Some barriers remain

Many obstacles remain, however, in areas where integration is taking longer:

  • fragmented national tax systems impede market integration and undermine efficiency
  • separate national markets still exist for financial services, energy and transport
  • e-commerce between EU countries has been slower to take off than at national level, and rules, standards and practices vary considerably
  • the services sector is lagging behind the goods markets (although it has been possible since 2006 for companies to offer a range of services abroad from their home base)
  • rules on the recognition of vocational qualifications need to be simplified to make it easier for qualified workers to find a job in another EU country.

The financial services market is a special case. The EU is seeking to build a strong, secure financial sector — while avoiding a repeat of the 2009 crisis — by supervising financial institutions, regulating complex financial products and requiring banks to hold more capital. The creation of the banking union transferred the mechanisms for bank supervision and resolution from national to EU level in several member countries. There are also plans to set up an EU-wide capital markets union to:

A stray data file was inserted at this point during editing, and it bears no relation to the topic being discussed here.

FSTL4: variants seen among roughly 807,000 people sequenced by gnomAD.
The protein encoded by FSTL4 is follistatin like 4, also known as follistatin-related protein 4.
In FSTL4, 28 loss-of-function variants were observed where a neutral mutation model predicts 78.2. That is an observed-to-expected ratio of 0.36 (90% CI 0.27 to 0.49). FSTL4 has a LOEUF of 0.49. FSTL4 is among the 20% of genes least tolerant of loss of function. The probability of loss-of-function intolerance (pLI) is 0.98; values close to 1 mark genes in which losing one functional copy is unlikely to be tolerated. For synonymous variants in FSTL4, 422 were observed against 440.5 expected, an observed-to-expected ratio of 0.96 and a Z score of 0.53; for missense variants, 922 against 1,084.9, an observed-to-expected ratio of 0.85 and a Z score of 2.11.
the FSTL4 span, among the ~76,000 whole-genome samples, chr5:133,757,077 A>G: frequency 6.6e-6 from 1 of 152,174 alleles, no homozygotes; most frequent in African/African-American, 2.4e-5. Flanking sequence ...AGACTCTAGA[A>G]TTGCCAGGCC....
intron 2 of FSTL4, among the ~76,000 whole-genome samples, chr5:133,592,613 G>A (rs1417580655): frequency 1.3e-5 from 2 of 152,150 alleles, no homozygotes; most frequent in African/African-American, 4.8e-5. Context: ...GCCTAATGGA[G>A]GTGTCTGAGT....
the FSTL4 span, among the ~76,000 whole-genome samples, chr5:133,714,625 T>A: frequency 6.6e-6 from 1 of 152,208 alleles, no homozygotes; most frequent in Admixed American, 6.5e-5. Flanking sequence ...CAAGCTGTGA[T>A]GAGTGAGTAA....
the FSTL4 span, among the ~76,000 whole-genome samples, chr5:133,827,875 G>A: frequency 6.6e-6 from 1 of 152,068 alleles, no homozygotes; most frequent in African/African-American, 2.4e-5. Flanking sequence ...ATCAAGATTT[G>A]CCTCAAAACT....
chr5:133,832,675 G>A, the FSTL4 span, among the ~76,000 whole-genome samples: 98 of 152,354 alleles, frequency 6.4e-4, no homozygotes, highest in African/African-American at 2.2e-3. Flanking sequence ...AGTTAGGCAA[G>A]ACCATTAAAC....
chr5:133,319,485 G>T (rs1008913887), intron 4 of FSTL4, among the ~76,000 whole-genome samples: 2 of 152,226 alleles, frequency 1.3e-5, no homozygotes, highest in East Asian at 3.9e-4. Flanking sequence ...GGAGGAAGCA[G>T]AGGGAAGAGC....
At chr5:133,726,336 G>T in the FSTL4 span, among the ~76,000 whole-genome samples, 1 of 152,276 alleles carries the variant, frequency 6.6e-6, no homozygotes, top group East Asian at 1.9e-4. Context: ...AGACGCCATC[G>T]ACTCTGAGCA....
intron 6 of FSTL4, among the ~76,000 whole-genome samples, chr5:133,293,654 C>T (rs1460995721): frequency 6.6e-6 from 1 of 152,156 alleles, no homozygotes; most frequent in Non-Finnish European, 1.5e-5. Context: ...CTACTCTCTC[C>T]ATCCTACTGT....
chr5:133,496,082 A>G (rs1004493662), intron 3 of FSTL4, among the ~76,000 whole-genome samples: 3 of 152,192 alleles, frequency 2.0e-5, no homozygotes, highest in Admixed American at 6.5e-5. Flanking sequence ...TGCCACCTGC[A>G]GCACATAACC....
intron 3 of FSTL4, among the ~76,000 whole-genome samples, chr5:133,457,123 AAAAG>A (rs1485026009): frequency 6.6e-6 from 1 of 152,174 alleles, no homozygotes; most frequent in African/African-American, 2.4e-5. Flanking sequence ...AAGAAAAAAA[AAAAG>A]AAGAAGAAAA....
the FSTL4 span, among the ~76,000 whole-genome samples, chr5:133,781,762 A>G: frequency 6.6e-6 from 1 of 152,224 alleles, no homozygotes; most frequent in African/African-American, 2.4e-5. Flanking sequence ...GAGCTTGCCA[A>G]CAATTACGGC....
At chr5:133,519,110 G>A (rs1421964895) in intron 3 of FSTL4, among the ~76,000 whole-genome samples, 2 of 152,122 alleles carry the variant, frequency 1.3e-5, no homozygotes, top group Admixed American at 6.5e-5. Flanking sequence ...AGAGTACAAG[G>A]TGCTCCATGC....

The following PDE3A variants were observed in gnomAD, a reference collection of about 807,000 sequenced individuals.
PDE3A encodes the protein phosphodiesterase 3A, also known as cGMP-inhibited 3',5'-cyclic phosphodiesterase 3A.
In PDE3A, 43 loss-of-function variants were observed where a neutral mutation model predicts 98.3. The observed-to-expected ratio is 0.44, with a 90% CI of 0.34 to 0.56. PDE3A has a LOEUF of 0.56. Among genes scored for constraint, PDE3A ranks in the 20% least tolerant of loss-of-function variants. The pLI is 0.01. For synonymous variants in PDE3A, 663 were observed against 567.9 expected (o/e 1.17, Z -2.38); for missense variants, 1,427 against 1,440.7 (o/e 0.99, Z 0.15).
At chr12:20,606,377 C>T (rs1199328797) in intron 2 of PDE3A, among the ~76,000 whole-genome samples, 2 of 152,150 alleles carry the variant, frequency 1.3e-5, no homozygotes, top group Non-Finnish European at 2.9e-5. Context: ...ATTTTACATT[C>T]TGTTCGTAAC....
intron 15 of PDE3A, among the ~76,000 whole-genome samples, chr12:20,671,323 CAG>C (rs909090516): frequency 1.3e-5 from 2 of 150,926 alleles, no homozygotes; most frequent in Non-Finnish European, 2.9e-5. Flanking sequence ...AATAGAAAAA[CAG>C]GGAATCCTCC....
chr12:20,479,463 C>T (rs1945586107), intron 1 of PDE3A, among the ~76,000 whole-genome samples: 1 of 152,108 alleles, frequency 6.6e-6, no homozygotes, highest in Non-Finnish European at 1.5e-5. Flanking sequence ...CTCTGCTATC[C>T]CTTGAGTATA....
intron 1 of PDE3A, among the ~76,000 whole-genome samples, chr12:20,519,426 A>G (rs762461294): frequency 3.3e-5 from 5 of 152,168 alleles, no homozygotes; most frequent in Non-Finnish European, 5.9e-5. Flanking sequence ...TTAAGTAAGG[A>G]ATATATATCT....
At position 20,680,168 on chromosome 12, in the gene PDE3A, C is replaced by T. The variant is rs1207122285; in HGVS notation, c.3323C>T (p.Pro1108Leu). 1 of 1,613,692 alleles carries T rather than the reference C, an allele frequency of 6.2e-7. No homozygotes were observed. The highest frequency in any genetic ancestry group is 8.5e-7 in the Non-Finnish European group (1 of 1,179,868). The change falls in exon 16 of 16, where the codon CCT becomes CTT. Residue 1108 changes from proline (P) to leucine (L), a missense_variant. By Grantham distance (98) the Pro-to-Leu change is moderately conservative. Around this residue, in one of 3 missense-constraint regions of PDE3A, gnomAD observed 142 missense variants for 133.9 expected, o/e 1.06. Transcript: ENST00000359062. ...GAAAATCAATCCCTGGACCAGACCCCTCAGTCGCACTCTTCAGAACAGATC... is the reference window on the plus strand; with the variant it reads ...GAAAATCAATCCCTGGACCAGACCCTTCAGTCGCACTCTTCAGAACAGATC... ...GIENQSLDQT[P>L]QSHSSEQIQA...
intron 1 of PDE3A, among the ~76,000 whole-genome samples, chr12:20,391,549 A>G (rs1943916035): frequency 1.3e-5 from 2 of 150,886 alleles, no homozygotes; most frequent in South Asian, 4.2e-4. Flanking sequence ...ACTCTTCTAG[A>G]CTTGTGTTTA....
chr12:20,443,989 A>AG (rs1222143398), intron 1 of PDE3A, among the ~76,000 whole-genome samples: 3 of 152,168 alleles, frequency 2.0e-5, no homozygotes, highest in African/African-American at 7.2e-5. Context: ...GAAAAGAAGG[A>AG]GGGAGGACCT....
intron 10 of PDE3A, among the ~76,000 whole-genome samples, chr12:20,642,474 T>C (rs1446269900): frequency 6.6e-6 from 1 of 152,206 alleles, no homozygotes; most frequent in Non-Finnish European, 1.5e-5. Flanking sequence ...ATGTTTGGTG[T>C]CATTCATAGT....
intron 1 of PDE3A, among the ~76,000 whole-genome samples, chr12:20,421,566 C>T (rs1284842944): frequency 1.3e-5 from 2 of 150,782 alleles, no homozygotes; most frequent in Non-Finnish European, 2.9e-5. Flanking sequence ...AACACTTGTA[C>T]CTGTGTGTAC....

• reduce fragmentation in financial markets
  • diversify sources of finance
  • strengthen flows of capital between EU countries
  • improve access to finance for businesses, particularly small and medium-sized companies.

External border checks

EU citizens do not need a passport to travel within the Schengen areas, which currently comprises 26 countries:

  • all EU countries except Bulgaria, Croatia, Cyprus, Ireland, Romania & the UK
  • Iceland, Lichtenstein, Norway & Switzerland

Although Schengen countries no longer carry out checks at internal borders, they have stepped up checks on the EU's external borders.

To ensure safety in the Schengen area, these countries have also increased police cooperation, in particular through hot pursuit and continued surveillance of suspects moving between countries. The Schengen Information System allows the police and customs and national border control authorities to circulate alerts about wanted or missing people or stolen vehicles and documents.